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Ian Foster is nothing more than a semi-final coach

By Finn Morton
Head coach Ian Foster of the All Blacks looks on during the 2020 Tri-Nations match between the Australian Wallabies and the New Zealand All Blacks at Suncorp Stadium on November 07, 2020 in Brisbane, Australia. (Photo by Chris Hyde/Getty Images)

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To win a World Cup, teams have to win at least three big games in a row, but the All Blacks nearly fell twice against a side nobody was really expecting to win a game ahead of the Bledisloe Cup series. So now just four games into his time in charge of the All Blacks, it’s become clear that Ian Foster is nothing more than a semi-final coach.


Except for Bledisloe III, Foster has struggled to get it right with a talented group of players, despite coming up against a largely inexperienced Wallabies squad.

In his first game in-charge, the Wallabies were inches away from claiming an unlikely win in Wellington, which led former All Blacks coach Sir Graham Henry to admit that “New Zealand Rugby c**ked that up” by appointing Foster.

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Coach Ian Foster and captain Sam Cane address the media following the All Blacks’ 24-22 loss to the Wallabies in Brisbane.
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Coach Ian Foster and captain Sam Cane address the media following the All Blacks’ 24-22 loss to the Wallabies in Brisbane.

In that match, the All Blacks lacked creativity, and especially when the going got tough late in the contest, a backup plan.

Since, they started to look like the All Blacks of old in matches two and three on either side of the Tasman, but their response in Brisbane was awful.

Foster rolled the dice with his selections ahead of the final Bledisloe of the year, which saw only Anton Lienert-Brown hold his place in the backline from the week before, and four debutants selected in the matchday squad.

“I’ve got to take some of this on the chin, because I put some new combinations out on the park,” Foster said following the 24-22 loss.


“But we just felt that this tour was about giving people opportunities, and so I’ve got no regrets.”

I’ve got no problem with teams trying to develop new talent, but the decision to name them alongside an All Blacks side which was largely an experiment in itself lacked composure.

In Foster’s defence, there have been some left-field selections which have worked wonders for him since taking over, none more so than picking Jordie Barrett on the right-wing for the first three tests. Barrett scored three tries in three games, and at that stage, had run the equal most metres of any player in the series.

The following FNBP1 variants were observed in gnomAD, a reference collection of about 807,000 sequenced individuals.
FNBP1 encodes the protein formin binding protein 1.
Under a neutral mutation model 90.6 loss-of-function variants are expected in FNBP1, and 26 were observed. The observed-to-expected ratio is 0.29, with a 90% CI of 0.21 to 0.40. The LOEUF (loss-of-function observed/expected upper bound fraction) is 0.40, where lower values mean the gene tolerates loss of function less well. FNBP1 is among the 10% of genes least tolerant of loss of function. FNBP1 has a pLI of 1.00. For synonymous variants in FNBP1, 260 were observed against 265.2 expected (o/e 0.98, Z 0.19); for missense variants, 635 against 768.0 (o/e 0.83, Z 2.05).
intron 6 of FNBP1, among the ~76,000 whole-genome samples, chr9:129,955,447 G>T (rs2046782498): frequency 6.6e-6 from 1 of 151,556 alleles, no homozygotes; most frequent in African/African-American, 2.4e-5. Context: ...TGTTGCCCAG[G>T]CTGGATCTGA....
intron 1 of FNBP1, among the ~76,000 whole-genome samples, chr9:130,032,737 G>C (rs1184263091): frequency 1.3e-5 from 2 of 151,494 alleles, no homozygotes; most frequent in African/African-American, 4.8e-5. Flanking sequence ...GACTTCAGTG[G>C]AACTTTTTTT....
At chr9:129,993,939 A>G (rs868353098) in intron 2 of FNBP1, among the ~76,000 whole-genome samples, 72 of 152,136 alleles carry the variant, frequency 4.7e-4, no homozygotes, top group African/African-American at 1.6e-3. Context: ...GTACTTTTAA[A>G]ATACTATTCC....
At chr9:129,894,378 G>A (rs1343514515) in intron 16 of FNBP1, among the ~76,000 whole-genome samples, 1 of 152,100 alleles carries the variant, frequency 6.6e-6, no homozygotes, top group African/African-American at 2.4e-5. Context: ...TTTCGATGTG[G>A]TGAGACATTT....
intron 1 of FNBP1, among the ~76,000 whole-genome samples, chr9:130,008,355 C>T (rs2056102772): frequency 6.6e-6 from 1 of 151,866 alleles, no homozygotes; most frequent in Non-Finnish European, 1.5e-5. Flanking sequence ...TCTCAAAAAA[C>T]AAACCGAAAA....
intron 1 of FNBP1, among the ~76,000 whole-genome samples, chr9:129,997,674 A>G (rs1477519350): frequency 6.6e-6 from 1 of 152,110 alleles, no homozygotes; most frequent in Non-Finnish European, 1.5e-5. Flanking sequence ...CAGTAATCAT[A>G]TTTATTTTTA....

If the All Blacks had overcome their Brisbane hoodoo and defeated the Wallabies though, Foster’s decision to name new players would’ve been hailed as a masterstroke by yours truly, but fine margins both on and off the field determine test matches and in a few years, will decide World Cups.


Also, cast your mind back to July when it was revealed that NZME have anonymously polled over 100 New Zealand Super Rugby players about if the NZRU had got its coaching selections right.

46% said no.

Instead, the other option for the All Blacks was Scott Robertson, who himself donned the black jersey during his playing days. ‘Razor’ is a winner, and that follows him everywhere he goes.

Robertson has won four straight Super Rugby titles with the Crusaders including the Aotearoa title this year. Add Mitre 10 Cup titles and a World Rugby Under 20 Championship in 2015, and his resume certainly speaks volumes about what he could accomplish on the international stage.

In comparison, there are players potentially playing for the All Blacks now who either didn’t or still don’t have faith in Foster. This could be a significant factor down the road.

It’s a phrase that’s largely been popularised by European Football but ‘having the backing of the dressing room’ is huge for a coach, and can decide big games.

Clips from the documentary series Chasing the Sun have surfed online, showing 2019 Springboks winning coach Rassie Erasmus motivating his players before pivotal games at last year’s Rugby World Cup in Japan.

Inspired, the Springboks then went on to win the World Cup, despite losing to the All Blacks 57-0 just two years earlier.

This approach to coaching might not have been what the All Blacks needed in the past, but when the pressure on the All Blacks grows as they face teams like England and South Africa, coaching can be the difference.

Looking at Foster’s track record too, his teams don’t fare well in big moments.

In his first-year coaching in the NPC in New Zealand, Foster took Waikato to the final, after they finished top at the end of the round-robin. But they fell at the final hurdle, losing 40-28 to Auckland in the big dance.

When he took over at the Chiefs, again, semi-final’s were the best he could do until the 2009 Super 14 final. At Loftus Versfeld Stadium, his side were blown out by 44-points against the Bulls.

While it certainly hasn’t been an ideal start to his time as head coach for the All Blacks, Foster’s decision making and ability to lift his players in key games definitely suggests what many have been arguing for months: that’s he’s not the right man for the job.

He was always going to be the safe option for the All Blacks, but cracks are beginning to appear. It might just be one loss and one draw, but considering the experience of their opponent; his history of falling short when it counts appears to be repeating somewhat.

Foster struggles to get his team across the line in test matches, and let’s face it: the Wallabies in Brisbane is nothing compared to South Africa at Ellis Park, England at Twickenham, or anyone in a World Cup Final.

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Ian Foster is nothing more than a semi-final coach